Among the most colorful of nineteenth-century American secret societies, E Clampus Vitus was founded by goldminers in the frontier town of Mokelumne Hill, California in 1851, in the midst of the Gold Rush. At that time most of northern California was full of little mining towns and camps whose populations shifted constantly. The Freemasons and Odd Fellows, the largest American secret societies of the time, had established lodges in many of the larger mining towns, and this inspired a group of Mokelumne Hill miners to parody these relatively formal rites with an order better suited to the rough humor and lawlessness of the frontier. E Clampus Vitus was the result. See Freemasonry; Odd Fellowship.

Meetings of E Clampus Vitus chapters – which could be held “at any time before or after a full moon” – were held in saloons, and announced by the braying of the Hewgag, a makeshift trumpet. Inside, the officers – the Noble Grand Humbug, the Royal Gyascutis, the Clamps Petrix, the Clamps Matrix, the Grand Imperturbable Hangman, and many others (as all Clampers are, by definition, officers) – presided over meetings well lubricated with beer and cheap whiskey. Initiation rituals for PBCs (Poor Blind Candidates) consisted mostly of raucous pranks. Once initiated, each candidate was given the official title of “Chairman of the Most Important Committee.” Clampers also marched in parades, with a billy goat for their mascot and a banner consisting of a woman’s hoop skirt and the motto, “This is the flag we fight under.”

These antics coexisted with more serious activities. Life in the California mining towns was harsh and often violent, as men from every corner of the world labored and fought for their share of gold. The robust humor of the Clampers helped bring a spirit of community to the Gold Rush country. Clampers raised money to help widows and orphans, and were quick to respond when fire or flood destroyed towns and left people homeless. This combination of raucous humor and practical charity made E Clampus Vitus the largest secret society in northern California within a decade of its founding. As the gold was mined out and the mining towns dwindled, however, E Clampus Vitus faded as well, and the Hewgag announced a meeting of the original order for the last time in Quincy, California in 1916.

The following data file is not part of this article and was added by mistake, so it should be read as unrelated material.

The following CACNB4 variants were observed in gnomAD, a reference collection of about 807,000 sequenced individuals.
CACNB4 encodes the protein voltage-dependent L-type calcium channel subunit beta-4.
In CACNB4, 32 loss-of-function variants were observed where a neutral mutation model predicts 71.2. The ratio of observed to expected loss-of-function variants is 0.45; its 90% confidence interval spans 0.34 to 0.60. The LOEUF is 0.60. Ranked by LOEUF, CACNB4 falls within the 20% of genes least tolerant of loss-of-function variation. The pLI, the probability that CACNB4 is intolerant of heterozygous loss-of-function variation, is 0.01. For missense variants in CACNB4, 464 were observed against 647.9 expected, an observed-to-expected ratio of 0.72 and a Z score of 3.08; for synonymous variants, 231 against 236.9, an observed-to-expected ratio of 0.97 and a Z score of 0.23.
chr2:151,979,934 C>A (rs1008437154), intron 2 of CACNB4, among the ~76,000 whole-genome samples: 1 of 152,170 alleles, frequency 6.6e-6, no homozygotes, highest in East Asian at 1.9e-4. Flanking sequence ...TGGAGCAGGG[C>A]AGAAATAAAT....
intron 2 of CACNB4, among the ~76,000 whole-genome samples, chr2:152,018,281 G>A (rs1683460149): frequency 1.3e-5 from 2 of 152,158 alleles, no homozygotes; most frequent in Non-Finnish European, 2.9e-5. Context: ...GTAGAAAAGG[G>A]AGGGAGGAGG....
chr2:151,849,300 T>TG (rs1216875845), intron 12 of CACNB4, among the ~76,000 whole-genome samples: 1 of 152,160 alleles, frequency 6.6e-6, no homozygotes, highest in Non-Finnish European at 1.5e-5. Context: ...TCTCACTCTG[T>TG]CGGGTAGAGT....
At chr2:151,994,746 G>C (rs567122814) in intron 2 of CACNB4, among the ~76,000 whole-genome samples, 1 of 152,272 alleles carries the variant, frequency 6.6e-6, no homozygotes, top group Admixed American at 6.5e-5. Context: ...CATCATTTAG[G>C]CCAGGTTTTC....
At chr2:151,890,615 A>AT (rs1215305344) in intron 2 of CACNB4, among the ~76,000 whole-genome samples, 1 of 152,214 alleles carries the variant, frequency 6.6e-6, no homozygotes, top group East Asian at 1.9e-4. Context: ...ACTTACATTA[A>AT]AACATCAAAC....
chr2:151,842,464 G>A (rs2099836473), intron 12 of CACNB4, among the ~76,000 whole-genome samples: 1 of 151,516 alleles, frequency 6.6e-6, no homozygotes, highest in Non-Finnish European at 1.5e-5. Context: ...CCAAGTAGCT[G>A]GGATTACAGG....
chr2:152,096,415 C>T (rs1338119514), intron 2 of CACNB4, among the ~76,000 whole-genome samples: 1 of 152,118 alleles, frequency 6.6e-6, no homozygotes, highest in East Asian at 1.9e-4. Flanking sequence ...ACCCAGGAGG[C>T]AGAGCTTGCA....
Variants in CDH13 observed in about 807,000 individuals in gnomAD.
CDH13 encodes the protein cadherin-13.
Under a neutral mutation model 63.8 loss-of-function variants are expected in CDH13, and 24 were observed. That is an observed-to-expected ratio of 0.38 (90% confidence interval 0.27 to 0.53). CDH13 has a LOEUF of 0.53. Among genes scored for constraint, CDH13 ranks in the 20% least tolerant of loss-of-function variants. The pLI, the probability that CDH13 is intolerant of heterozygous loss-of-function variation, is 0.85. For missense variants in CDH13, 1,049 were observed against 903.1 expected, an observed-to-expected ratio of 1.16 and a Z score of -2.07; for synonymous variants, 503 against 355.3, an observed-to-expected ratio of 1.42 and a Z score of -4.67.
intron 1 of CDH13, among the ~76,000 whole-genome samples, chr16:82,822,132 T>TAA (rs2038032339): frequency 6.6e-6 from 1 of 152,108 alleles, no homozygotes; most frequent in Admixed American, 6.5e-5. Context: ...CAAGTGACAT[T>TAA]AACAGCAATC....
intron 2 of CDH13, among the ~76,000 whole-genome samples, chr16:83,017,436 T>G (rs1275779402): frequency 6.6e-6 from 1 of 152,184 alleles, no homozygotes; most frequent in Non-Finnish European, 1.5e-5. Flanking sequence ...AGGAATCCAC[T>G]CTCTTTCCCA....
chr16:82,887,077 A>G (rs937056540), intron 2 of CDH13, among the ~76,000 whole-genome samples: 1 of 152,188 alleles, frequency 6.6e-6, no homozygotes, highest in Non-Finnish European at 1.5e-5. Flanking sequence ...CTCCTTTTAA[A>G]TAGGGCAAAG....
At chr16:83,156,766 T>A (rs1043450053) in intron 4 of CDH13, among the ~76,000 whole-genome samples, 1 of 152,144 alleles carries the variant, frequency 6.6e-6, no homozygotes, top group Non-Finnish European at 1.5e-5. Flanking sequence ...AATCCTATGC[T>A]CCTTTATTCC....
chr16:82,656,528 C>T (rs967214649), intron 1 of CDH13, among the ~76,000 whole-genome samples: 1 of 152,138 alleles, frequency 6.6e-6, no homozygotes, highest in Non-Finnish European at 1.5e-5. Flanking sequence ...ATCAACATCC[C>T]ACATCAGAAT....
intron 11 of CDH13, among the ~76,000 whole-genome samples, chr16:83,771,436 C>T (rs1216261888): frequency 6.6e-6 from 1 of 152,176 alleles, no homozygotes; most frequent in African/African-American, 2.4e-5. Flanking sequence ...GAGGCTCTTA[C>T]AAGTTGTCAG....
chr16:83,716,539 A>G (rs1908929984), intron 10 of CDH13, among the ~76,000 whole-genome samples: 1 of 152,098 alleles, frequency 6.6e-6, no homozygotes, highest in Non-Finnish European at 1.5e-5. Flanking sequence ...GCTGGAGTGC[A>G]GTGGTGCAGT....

Pride in California’s history rescued E Clampus Vitus from oblivion, however. In 1931, a new chapter of E Clampus Vitus was founded in San Francisco with the help of Adam Lee Moore, one of the few surviving members of the original order. In the years that followed the revived E Clampus Vitus spread throughout northern California and into Oregon, Nevada, and Arizona. The new order retained many of the customs and traditions of its forebear, though public drunkenness was (and is) frowned on, and interest in Gold Rush history is one of the requirements for initiation. Clampers nowadays wear red shirts, in memory of the red woolen union suits of yore, and vests bedecked with pins, patches, and medals made of tin can lids. Calling itself “a historical drinking society” (or “a drinking historical society”), it maintains a lively presence in the old mining country of northern California as of this writing.


The Element Encyclopedia of Secret Societies : the ultimate a-z of ancient mysteries, lost civilizations and forgotten wisdom written by John Michael Greer – © John Michael Greer 2006